It is recommended that you never change the differential fluid by yourself. This is because it is not a single person’s task.
You have to lift the car with the help of a jack and then have to remove the drain plug to change the differential fluid. The whole process of replacing the differential fluid is a little bit challenging.
Moreover, sometimes it can be messy and dirty while changing the fluid, which would increase your workload.
Thus it is better to take your car to a professional or the mechanic shop to get the fluid changed. Also, everyone can’t change the fluid by themselves at home.
Because they do not have the proper gears or the tools for it, that is why it is suggested to take care of your car to a good mechanic shop instead of wasting your time and effort on it.
Table of Contents
- How Often Should I Change Front Differential Fluid?
- What Is A Differential?
- Whining Noise From Transmission Or Differential.
- Benefits Of Changing Differential Fluid.
- Is It Necessary To Change Your Car’s Differential Fluid?
How Often Should I Change Front Differential Fluid?
As you know, the front differential is the part of your vehicle that divides up power so it can be applied to both wheels. Unfortunately, it’s also one of the most expensive parts of your car, so it’s essential to take good care of it.
Your front differential fluid needs changing every 40-60k miles for best performance and long life.
Corrosion is a gradual deterioration that accelerates when the fluid gets hot and cools down. Due to the performance of your vehicle’s engine, temperatures can rise in the differential fluid, eventually causing corrosion.
Over time, this corrosion can make the fluid unsuitable for use. Unfortunately, this is a fairly common failure.
In several cases, people were told their front differential was fine and then found out it had failed after taking it off-roading.
Most vehicles use gear lube containing some friction modifiers and anti-oxidants. Unfortunately, these friction modifiers and anti-oxidants may not be enough to protect the metal in the gears and bearings from corrosion after a while.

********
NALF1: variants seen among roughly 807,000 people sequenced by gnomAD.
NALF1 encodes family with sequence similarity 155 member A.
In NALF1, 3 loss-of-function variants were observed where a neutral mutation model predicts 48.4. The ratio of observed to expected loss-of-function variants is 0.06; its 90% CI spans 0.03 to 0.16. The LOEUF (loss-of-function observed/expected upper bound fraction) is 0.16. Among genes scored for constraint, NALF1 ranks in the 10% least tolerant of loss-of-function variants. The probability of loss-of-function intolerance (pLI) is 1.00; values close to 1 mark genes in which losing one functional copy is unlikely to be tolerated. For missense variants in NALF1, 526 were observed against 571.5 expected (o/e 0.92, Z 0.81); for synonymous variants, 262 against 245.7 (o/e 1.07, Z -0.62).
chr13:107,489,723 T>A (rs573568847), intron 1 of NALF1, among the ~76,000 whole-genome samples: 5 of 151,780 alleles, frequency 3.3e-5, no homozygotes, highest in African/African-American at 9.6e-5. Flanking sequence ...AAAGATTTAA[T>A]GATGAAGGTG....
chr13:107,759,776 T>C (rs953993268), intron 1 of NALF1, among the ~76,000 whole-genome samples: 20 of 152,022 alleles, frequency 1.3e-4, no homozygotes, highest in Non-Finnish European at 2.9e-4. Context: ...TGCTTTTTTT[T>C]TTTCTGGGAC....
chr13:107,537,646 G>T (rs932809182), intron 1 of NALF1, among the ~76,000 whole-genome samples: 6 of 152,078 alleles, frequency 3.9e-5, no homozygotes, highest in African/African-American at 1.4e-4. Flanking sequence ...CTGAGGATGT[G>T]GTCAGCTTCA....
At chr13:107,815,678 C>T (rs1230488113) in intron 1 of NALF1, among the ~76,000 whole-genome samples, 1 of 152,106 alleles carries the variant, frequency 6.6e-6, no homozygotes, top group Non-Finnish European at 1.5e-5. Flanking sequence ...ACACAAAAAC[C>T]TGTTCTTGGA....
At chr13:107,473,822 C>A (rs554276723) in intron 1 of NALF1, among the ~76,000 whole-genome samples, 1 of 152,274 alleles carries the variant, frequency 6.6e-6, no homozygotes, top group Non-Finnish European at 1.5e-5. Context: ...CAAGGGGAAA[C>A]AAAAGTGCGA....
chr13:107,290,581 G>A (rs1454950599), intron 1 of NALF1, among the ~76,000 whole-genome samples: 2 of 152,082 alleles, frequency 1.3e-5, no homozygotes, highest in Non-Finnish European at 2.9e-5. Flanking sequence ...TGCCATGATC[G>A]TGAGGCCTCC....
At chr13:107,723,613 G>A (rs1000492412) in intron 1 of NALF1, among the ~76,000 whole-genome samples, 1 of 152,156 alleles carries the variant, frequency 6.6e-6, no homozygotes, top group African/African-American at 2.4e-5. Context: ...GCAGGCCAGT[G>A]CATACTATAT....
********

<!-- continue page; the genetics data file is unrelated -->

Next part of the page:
As you drive your vehicle, metal particles are constantly being ground up by the gears, which have high contact pressures in areas where metal-to-metal contact occurs.
This is by far the scariest problem with front differential fluid.
What Is A Differential?
Differentials are an essential part of every vehicle equipped with axles, basically any car with wheels. A differential’s primary function is to reduce the effort needed to turn the wheels so the vehicle can move.
It accomplishes this goal by distributing torque across both left and right turning forces, allowing them to act on the ground separately.
A differential also provides a mechanical advantage by taking advantage of the gear ratio.
For example, a single-speed axle will have higher leverage on one side than on the other, thus providing more torque on one side instead of another.
This is done by using gears in the differential to which one wheel is connected, and the other wheel is on the outside, providing the higher torque.
Differentials can be opened and be a limited-slip. An open differential allows each wheel to turn at different speeds, while a locked differential forces both wheels to travel simultaneously.